“These are the tax and spending policies of banana republics not stable investment regimes. They signal that investments made today can be plundered tomorrow, whether in oil and gas, or wind farms, hydrogen, and carbon capture,” he said.
Industry body Offshore Energies UK highlighted that as part of the North Sea Transition Deal between the industry and government to decarbonise the sector, fossil fuel producers have pledged to spend £14-16bn in new energy technologies by the end of the decade.
Energy policy manager Will Webster argued this plan was being undermined by the hiked windfall tax – now set at 35 per cent on top of the 40 per cent special corporation tax rate.
He said: “There’s still a disconnect between the green energy future government is working towards and the uncertain fiscal regime implemented through initiatives like the Energy Profits Levy, which we are working to address.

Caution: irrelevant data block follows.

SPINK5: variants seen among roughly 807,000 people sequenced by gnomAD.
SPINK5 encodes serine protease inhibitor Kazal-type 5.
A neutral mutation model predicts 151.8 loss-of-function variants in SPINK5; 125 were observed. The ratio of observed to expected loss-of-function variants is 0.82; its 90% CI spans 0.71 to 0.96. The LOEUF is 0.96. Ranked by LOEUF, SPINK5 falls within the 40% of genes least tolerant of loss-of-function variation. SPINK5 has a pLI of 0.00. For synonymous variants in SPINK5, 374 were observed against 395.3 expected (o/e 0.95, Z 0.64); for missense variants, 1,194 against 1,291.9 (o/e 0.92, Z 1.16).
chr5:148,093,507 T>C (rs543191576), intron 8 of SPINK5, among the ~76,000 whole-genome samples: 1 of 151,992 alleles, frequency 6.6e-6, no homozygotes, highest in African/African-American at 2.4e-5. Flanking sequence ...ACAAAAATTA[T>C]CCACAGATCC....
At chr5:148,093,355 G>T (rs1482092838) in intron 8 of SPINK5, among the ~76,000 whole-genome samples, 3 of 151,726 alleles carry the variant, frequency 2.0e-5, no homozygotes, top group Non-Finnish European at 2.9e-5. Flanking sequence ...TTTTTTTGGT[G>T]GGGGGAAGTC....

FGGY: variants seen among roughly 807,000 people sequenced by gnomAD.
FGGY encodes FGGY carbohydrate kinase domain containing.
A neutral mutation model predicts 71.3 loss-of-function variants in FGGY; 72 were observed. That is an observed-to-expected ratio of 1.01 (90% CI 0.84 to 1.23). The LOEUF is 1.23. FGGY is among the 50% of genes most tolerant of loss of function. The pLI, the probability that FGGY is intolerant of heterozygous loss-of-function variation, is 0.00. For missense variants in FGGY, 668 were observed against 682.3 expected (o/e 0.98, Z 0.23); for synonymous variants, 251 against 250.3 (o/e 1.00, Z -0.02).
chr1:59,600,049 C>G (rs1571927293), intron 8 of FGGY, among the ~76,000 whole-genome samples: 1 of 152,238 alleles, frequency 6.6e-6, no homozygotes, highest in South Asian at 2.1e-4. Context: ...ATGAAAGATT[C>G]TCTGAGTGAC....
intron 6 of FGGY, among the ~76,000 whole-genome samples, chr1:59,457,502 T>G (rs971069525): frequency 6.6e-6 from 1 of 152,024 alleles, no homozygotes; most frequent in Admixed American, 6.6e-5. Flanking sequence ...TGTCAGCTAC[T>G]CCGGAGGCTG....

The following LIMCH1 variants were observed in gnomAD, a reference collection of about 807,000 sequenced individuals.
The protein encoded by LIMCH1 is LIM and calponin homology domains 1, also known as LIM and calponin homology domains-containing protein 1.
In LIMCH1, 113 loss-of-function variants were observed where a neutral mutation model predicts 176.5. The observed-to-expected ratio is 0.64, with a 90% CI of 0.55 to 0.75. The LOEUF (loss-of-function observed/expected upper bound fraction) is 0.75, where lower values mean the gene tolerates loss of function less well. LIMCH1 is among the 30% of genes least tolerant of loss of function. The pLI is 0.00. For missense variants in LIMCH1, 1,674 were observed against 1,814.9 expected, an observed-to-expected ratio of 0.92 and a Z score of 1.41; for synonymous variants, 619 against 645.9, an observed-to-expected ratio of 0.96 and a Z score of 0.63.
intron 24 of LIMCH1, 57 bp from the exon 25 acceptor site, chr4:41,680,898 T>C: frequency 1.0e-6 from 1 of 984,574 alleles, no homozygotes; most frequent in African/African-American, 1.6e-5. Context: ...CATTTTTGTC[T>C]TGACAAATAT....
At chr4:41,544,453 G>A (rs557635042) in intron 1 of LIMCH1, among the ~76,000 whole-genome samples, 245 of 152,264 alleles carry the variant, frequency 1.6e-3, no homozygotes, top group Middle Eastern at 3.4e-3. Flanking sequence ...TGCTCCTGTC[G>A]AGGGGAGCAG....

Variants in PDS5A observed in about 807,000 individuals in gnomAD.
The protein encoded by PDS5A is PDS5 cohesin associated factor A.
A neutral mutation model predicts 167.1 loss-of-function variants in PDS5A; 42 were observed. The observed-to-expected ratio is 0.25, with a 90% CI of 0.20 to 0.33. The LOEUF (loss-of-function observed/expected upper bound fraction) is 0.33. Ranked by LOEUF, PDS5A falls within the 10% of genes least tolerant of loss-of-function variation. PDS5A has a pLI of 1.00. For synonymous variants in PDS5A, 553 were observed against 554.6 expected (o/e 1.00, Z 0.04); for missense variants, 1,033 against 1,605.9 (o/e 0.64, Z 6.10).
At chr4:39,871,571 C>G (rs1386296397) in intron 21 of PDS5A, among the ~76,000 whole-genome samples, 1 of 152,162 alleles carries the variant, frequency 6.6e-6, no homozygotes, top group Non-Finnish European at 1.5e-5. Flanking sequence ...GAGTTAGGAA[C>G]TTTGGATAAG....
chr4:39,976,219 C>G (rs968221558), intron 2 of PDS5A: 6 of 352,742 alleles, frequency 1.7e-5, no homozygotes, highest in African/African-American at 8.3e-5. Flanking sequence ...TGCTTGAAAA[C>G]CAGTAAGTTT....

“Companies need long-term confidence in the tax system to ensure the renewable investment decisions they are making now are still viable five or ten years later, when the projects come to fruition.”
Show me the money: Wait and see, say critics
Both Rishi Sunak and Jeremy Hunt in their time as Chancellor have seen the industry as an opportunity to harness bumper North Sea profits to boost support packages for households – when easing off levies and backing companies during the transition from fossil fuels to renewables could have been a more effective long-term method for driving down bills.